York announces $5,000 tuition increase to fund mental health support for students

Students are ecstatic to hear about York’s “YU Are Not Alone” mental health support campaign that will fill their inboxes with weekly motivational messages. (Courtesy of Riddhi Jani)

DISCLAIMER: Stories and images published in this week’s issue under satire (with the exception of advertisements) are purely satirical and created purely for entertainment and/or parody purposes. They are not intended to communicate any accurate or factual information. Some names used in Excalibur’s satire stories are fictional, and any resemblance to actual persons or entities may be purely coincidental.


As the 2020-2021 school year comes to a close, York has begun planning for the upcoming summer and fall terms. The fall 2021 term will see a new, completely virtual program being implemented, which will provide support for students undergoing mental health struggles for the small price of a $5,000 annual tuition increase per student.

In the past, many projects have failed to meet student expectations due to budget constraints, which is what we aim to avoid with the ‘YU Are Not Alone’ initiative,” says Roy Diema, spokesperson for the university. “A tuition increase of $5,000 should allow us to try something innovative and unique, and something that is truly accessible to everyone regardless of their location.”

The ‘YU Are Not Alone’ campaign will consist of weekly email blasts in the upcoming fall term and once met with a positive response, students should expect to receive daily stress relievers in the form of ecards, GIF sets, and memes. The initiative, which has been in the making for the last five years, aims to ensure the best possible outcomes for students.

“I understand why it took so long. These things need rigorous planning, and I’m glad we will finally be receiving the support we need. The $5,000 seems reasonable considering the costs and expertise required to fund a project of this magnitude,” says Benjamin Ma, a first-year accounting student.

As of now, no official announcements have been made, but according to Diema, a select number of students were sent a survey in January regarding the project, which was met with an overly positive response.

“I am thrilled! After all my classes moved online, I couldn’t just go to Scott Library and cry my worries out in one of the cubicles, so I had to improvise at home. But this changes everything. I’m so glad the university is taking interest in the students’ well-being,” says Ilse Berg, a fifth-year biochemistry student.

Students can rest assured that Dr. Alma Carusso, the lead mental health specialist behind the initiative, and her team members will use their expertise in the field to ensure that all activities are in the students’ best interests.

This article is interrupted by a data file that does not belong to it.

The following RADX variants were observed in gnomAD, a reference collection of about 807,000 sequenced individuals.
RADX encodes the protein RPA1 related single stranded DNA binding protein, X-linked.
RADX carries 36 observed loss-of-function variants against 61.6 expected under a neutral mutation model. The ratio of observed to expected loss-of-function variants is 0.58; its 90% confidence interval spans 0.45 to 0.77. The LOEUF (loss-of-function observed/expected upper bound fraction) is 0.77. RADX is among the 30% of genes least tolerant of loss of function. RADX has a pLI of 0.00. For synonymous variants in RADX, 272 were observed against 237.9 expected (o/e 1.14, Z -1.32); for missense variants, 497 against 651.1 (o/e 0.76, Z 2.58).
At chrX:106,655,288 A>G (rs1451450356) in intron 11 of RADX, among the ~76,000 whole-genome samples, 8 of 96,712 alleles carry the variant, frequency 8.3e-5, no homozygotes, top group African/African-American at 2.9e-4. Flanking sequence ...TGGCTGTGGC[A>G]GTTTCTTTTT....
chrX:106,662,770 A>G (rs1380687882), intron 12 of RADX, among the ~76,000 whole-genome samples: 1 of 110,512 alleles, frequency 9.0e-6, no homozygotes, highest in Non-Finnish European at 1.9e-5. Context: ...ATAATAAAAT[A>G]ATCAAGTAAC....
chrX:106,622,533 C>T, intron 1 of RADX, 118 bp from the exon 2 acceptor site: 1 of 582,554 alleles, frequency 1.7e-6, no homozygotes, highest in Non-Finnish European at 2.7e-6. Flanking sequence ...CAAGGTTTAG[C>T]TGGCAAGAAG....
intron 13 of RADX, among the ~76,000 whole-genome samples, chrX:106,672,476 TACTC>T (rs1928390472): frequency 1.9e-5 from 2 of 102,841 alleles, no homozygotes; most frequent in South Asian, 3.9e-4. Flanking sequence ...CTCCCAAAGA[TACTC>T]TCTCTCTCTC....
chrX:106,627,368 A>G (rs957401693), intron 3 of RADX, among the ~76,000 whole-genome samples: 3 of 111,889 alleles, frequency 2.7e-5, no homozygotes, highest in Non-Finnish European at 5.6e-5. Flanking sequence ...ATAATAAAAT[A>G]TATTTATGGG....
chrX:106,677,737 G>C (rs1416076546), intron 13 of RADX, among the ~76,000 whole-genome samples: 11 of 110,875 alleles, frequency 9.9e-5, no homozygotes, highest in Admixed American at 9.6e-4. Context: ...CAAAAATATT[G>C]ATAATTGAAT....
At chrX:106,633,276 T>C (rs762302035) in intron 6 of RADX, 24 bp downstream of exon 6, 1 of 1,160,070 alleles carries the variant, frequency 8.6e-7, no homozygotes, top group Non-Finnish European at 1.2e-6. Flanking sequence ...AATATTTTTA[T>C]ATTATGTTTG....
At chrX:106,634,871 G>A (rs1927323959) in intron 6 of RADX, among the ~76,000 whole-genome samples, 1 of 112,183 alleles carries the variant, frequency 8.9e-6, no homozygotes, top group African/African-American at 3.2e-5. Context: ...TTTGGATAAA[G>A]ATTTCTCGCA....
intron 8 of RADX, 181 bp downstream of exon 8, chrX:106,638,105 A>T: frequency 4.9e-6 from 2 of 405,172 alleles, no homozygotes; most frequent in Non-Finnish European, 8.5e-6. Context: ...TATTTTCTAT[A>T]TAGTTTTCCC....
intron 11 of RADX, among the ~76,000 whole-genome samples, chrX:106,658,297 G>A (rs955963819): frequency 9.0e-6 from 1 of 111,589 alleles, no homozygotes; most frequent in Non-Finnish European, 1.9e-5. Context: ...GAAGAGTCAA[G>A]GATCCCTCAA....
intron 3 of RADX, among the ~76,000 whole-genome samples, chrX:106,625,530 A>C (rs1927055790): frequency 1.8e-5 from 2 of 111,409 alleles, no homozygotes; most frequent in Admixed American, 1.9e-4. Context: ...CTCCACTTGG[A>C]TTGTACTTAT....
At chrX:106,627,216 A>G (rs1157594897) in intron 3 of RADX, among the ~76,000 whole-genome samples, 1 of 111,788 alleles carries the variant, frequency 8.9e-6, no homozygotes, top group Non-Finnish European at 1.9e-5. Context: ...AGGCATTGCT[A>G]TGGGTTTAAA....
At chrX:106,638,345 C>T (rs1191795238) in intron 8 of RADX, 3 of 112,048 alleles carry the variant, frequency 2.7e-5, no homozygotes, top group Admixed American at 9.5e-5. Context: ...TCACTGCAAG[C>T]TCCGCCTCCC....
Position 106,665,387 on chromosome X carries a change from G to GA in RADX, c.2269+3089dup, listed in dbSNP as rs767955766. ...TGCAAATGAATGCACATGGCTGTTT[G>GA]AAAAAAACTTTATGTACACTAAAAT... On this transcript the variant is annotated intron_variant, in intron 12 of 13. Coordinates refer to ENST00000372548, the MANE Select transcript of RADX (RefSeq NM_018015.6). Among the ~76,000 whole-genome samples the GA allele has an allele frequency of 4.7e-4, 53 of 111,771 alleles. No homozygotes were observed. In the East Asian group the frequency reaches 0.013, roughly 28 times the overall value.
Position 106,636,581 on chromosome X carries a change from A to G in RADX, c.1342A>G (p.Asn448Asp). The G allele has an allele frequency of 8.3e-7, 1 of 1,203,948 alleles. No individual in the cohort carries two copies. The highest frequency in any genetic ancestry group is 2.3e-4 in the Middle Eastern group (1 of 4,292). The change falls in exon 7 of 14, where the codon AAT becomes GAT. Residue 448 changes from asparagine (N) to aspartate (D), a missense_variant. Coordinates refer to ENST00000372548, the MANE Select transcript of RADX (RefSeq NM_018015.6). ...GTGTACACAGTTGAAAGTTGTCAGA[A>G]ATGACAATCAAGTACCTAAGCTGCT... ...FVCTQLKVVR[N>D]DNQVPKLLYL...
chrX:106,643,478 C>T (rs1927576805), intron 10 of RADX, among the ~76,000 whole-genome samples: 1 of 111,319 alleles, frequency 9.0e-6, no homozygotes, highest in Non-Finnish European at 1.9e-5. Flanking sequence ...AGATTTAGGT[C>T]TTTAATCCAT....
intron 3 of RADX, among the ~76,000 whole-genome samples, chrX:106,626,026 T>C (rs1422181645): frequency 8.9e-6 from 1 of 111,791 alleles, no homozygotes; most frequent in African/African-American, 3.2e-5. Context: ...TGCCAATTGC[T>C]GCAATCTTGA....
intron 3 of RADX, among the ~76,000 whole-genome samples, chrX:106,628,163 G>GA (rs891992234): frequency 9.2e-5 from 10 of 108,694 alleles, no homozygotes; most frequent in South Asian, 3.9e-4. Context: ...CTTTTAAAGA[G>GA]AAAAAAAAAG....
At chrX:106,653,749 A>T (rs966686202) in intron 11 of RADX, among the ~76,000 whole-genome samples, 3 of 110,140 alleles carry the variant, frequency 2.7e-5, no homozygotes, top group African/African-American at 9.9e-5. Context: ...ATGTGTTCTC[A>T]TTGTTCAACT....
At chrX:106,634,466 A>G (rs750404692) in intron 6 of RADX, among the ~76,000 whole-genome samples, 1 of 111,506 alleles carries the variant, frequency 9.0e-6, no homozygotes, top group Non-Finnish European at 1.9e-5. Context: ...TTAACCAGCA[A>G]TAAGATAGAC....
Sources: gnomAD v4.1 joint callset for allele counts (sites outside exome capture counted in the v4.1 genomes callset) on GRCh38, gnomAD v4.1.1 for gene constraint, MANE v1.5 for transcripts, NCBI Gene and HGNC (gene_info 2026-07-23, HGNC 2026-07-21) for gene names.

“Online learning comes with its positives and negatives, and we want to tackle those negatives in a holistic, non-invasive approach that diverges from a more traditional homeopathic route. Our goal is to find alternative methods that combat stress resulting from financial and academic pressures to enhance student performance and quality of life,” says Carusso.

According to the survey sent out by York Media in January, 97.3 per cent of students reported that they were under “mild to heavy” stress due to school. Stress triggers an individual’s fight-or-flight response and when prolonged, the various chemicals involved, such as the stress hormone cortisol, can be detrimental to an individual’s physical and psychological health. 

Carusso believes it is essential to manage short term or acute stress before it becomes a threat to the well-being of students. “In my experience, there have been many times when acute stress has turned into chronic stress over time, especially in high-pressure academic settings. Medicine is only a temporary relief system, which is why it is important that we help students manage their acute stress and prevent it from becoming long term,” adds Carusso.

In order to optimize the ‘YU Are Not Alone’ experience, York Media and the mental health specialists behind the campaign encourage students to share their own ideas about possible activities they would like to see implemented.

“This truly is a project for the students by people who were once students themselves, so we need to know what students are looking for to make sure the campaign lives up to its full potential,” says Diema.

Berg suggests that mind-enriching puzzles could keep stress under control. “This sounds like it could be an amazing opportunity to take advantage of technology and implement new strategies. I would love to see some thousand-piece puzzles that help boost serotonin levels and enrich brain activity, while keeping students relaxed.”

As it would be with any new campaign being launched by the university, we can’t help but to ask ourselves if there is a catch. The good news is that there is no catch and students can look forward to weekly motivational messages in their YorkU inboxes as the program sends out its first ‘YU Are Not Alone’ ecard on September 13, 2021. 

Mark your calendars!

About the Author

By Riddhi Jani

Photo/Video Editor

Riddhi is a biomedical science student with an ever-growing enthusiasm for art. Still in search of her own art style, Riddhi takes inspiration from a variety of art forms and media to build her portfolio. She hopes to implement her creative energy into her art as well as her writing as she journeys to improve her outlook on real-world events. When she is not designing, writing, or studying, she can be found adding to her never-ending list of to-be-reads, working on her novel, trying out new skateboard tricks, and hiking through the nearest forest (looking for the entrance to a magical land, of course).

Topics

Subscribe
Notify of
guest
0 Comments
Inline Feedbacks
View all comments